Many people equate Customer Experience Management with Experiential Marketing.

However, in recent years, "experiential marketing" has become perceptually aligned with "marketing execution." This is because it largely focuses on developing highly visible, stimulating, interactive, and sensory-engaging environments in which products and services are showcased.

Accordingly, experiential marketing is an important component of CEM, but it isn't the whole enchilada.

The environments that experiential marketers focus on are diverse. You'll often find a large emphasis on shaping the walk-in experience of brick-and-mortar environments. This is done with the goal of creating more positive, intuitive, memorable, engaging, and pleasing environments which better engage, entertain, and support customers.

Some examples:

  • Museums and galleries. Because they focus on creating a sensory experience, museums and galleries like the Guggenheim, the Smithsonian, and the San Francisco MOMA have always had a high level of focus on how to create the proper experiential environment for visitors and have therefore been proactive in the application of new technology to both enhance experience and preserve works of art for future visitors.

  • Stores. Retail outlets that sell goods are placing increasing emphasis on developing more experiential environments. Visit REI and spend some time on the climbing walls available for public use. Walk in to a Build-A-Bear Workshop and create a custom toy, complete with a voice chip, for a friend or loved one.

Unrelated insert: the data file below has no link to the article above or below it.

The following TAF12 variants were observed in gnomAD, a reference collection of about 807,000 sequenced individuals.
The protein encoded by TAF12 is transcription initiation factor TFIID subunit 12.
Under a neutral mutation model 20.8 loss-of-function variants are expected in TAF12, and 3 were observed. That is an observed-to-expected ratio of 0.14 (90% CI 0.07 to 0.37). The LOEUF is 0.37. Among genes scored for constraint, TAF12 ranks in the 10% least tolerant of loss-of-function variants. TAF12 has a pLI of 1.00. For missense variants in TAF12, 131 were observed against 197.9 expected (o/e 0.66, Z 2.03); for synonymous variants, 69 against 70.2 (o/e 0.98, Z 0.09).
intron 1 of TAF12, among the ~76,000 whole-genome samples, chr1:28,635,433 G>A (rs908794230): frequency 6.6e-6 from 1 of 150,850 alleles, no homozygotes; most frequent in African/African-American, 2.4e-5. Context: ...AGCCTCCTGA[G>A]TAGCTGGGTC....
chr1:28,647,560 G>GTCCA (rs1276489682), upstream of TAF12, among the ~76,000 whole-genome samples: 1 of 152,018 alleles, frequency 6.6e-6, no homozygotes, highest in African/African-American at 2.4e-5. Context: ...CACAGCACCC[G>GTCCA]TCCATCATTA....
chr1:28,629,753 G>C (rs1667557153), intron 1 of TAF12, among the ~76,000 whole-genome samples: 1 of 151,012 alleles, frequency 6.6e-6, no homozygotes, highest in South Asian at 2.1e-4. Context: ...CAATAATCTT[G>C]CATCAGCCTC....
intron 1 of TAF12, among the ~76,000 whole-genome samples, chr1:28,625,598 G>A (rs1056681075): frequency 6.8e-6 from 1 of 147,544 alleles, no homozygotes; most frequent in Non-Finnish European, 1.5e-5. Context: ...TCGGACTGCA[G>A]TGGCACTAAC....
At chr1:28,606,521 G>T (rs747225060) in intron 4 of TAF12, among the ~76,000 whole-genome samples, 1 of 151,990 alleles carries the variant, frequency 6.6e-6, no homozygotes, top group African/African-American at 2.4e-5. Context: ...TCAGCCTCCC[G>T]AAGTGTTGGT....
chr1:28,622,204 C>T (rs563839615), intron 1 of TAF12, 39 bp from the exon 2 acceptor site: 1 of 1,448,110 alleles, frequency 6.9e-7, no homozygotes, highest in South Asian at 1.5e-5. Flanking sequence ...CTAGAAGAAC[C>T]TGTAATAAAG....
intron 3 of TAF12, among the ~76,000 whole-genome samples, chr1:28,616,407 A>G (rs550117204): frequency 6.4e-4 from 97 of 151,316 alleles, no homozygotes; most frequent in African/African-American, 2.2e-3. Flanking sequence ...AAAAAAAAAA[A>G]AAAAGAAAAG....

Other, more obvious experiential retail environments include Apple Stores, Niketown, the American Girl stores. More subtle examples include Sephora, Anthropologie, Origins and Libby Loo.

  • Restaurants. It's not just about food anymore. Restaurants are getting into experiential game, as well. Almost all of us are familiar with the time-tested experience offered by Rainforest Cafe and Planet Hollywood. My five-year-old niece prefers Sushi Takahashi—a little dive sushi joint with a circular sushi bar and a train that delivers your (really yummy) food.

  • Nontraditional environments. There are more examples in less-obvious environments, like grocery stores such as Wegman's and Whole Foods. For a nontraditional example of great food shopping experience, visit Seattle's Pike Place Fish Market.

 

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ABOUT THE AUTHOR
image of Leigh Duncan-Durst
Leigh Duncan Durst (leigh at livepath dot net) is a 20-year veteran of marketing, e-commerce, and business and the founder of Live Path (www.livepath.net).